OpenSSL gets NIST certifications

Agencies setting up sensitive virtual private networks now have an open-source alternative.

The National Institute of Standards and Technology has certified OpenSSL, an open-source library of encryption algorithms, as meeting Federal Information Processing Standard 140-2 Level 1 standards, according to the Open Source Software Institute of Hattiesburg, Miss.

"This validation will save us hundreds of thousands of dollars," said Debora Bonner, operations director for the Defense Department's Defense Medical Logistics Standard Support program, in a statement. "Multiple commercial and government entities, including [the Defense Department's] Medical Health System, have been counting on this validation to avoid massive software licensing expenditures."

Federal agencies must use FIPS-compliant products to secure networks carrying unclassified sensitive data. The FIPS certification of OpenSSL opens the possibility of using an SSL-based VPN to carry sensitive data, according to Peter Sargent, who heads the Severna Park, Md.-based PreVal Specialist Inc., one of the companies that supported the validation process.

Traditionally, agencies wishing to set up a VPN for sensitive data would use an approach that involved a secret key implementation of a cryptographic module, which is more expensive to implement and has limited the number of smaller companies that can provide such a product, Sargent said.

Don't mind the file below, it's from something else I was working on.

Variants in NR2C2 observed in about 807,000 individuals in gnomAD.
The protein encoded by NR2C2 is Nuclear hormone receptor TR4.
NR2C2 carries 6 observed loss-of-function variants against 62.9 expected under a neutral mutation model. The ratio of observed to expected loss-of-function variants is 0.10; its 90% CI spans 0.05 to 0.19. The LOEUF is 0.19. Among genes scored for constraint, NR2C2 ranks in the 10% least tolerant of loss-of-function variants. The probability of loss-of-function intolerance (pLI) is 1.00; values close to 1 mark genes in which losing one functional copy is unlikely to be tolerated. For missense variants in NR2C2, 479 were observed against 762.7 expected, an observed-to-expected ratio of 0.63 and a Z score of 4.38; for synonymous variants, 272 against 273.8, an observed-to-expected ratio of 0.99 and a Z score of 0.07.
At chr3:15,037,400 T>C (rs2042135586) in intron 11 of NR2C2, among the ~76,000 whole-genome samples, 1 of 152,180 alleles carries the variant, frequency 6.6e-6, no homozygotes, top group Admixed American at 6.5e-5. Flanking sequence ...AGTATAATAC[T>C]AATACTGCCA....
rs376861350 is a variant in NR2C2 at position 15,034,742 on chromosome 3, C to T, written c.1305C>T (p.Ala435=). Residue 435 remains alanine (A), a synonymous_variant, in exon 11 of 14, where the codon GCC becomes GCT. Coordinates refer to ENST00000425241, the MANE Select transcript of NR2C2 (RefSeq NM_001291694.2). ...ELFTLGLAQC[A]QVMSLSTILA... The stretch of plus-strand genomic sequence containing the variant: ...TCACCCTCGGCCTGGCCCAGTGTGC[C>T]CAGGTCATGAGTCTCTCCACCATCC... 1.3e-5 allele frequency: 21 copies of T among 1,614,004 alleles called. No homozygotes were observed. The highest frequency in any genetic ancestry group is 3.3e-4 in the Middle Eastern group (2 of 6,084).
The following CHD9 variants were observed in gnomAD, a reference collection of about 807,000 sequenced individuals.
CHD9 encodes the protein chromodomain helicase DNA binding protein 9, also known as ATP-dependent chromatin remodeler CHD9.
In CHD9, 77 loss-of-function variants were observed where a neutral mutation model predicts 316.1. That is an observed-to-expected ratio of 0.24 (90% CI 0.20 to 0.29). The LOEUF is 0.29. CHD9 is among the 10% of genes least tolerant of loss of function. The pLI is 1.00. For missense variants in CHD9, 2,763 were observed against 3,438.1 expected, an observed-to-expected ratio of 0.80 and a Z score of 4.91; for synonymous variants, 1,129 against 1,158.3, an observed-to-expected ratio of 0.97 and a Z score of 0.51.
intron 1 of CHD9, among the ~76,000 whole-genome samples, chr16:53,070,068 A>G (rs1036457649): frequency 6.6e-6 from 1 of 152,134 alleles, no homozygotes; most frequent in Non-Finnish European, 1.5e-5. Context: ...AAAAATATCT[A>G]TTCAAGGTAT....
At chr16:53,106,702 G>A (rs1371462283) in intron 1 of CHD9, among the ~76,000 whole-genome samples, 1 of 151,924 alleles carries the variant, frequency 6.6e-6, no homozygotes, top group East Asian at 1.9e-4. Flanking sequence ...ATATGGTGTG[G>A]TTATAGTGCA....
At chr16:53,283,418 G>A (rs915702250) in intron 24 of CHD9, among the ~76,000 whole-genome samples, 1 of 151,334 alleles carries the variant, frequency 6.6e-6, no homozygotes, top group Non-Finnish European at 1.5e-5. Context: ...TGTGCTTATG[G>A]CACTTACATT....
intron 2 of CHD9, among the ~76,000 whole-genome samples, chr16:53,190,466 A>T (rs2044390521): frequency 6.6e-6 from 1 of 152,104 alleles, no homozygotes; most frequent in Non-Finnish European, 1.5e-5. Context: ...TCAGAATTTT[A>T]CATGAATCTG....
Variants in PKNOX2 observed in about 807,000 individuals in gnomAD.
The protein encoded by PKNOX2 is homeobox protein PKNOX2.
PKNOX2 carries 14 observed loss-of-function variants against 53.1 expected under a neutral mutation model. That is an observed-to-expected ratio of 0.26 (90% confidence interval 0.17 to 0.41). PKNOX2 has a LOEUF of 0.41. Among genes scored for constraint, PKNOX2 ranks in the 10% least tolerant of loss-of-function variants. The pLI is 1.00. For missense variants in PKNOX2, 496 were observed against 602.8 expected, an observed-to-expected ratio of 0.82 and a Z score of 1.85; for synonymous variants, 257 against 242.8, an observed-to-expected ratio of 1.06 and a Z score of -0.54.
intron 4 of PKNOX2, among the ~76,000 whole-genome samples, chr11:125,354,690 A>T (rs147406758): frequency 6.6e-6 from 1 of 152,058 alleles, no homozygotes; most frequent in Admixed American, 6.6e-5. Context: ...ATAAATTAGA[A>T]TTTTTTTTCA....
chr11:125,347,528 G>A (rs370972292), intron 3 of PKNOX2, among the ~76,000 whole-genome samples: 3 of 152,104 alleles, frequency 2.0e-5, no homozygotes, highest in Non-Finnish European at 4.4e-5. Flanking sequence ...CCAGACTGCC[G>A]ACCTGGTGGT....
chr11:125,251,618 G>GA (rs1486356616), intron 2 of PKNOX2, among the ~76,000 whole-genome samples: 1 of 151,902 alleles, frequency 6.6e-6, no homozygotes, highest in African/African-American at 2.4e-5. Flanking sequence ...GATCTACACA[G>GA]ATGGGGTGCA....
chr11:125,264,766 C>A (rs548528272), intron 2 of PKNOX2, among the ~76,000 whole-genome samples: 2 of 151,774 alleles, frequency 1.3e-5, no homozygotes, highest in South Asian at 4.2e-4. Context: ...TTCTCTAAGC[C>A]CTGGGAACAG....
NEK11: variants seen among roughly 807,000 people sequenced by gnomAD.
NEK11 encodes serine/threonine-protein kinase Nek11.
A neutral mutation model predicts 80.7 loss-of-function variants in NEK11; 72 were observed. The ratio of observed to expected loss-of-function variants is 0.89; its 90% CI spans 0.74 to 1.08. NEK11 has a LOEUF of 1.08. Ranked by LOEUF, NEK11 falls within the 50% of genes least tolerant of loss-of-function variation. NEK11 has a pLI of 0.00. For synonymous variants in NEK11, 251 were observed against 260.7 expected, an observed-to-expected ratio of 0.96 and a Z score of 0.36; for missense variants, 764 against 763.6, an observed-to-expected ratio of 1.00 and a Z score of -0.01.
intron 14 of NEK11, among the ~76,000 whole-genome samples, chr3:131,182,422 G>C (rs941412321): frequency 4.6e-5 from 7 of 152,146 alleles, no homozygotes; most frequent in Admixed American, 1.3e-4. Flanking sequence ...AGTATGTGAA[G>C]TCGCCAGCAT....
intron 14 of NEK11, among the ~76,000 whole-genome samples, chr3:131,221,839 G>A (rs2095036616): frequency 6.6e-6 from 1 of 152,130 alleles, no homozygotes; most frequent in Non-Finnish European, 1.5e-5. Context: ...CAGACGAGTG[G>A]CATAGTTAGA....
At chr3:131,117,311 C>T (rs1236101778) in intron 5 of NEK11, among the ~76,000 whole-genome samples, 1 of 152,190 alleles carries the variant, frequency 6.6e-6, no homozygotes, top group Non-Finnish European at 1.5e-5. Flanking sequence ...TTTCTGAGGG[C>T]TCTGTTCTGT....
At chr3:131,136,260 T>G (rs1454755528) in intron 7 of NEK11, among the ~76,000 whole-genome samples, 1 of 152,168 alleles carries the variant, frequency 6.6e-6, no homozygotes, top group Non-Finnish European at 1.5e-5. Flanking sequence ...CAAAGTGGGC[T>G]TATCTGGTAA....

Sargent added that few agencies would directly deploy OpenSSL FIPS. Rather, they would purchase OpenSSL-based VPN products from vendors.

To accompany the release, OSSI has published a guidebook, The OpenSSL Security Policy Version 1.0, describing how the OpenSSL cryptographic module works in relation to FIPS 140-2 requirements. The organization also plans to issue a users' guide within two weeks, according to John Weathersby, executive director of OSSI.

Agencies will also find support from a December 2005 update of NIST's Implementation Guidance for FIPS PUB 140-2 and the Cryptographic Module Validation Program. The document addresses how users can deploy a program with FIPS modules across multiple platforms.

The cryptographic module of OpenSSL (SSL stands for Secure Sockets Layer) consists of an open-source implementation of SSL encryption?originally created by Netscape Communications Corp.?as well as a Transport Layer Security module.

SSL and TLS are security protocols that browsers and other software can utilize to encrypt and decrypt Web pages and sensitive data. In order to be FIPS-approved, it is necessary to limit the SSL-based implementation to the TLS mode, Sargent said.

The volunteer-led OpenSSL project oversees the development of OpenSSL. The team has made the module and source code available at the project's Web site under an Apache-style license permitting free noncommercial use.

NIST validated the library cryptographic module contained in Version 0.9.7j of OpenSSL-FIPS as a validation process only for encryption modules, not entire software packages. The OpenSSL-FIPS library cryptographic module uses the Advanced Encryption Standard, the Data Encryption Standard, the Digital Signature Algorithm, FIPS-mode RSA for signatures, as well as the FIPS-qualified approved Secure Hash Algorithm-1, or SHA-1.

In addition to PreVal, OSSI and DMLSS, Hewlett-Packard Co. of Palo Alto, Calif., and the Domus IT Security Laboratory of Ottawa sponsored the FIPS testing for OpenSSL.

Joab Jackson is a staff writer for Washington Technology's sister publication, Government Computer News.

About the Author

Joab Jackson is the senior technology editor for Government Computer News.

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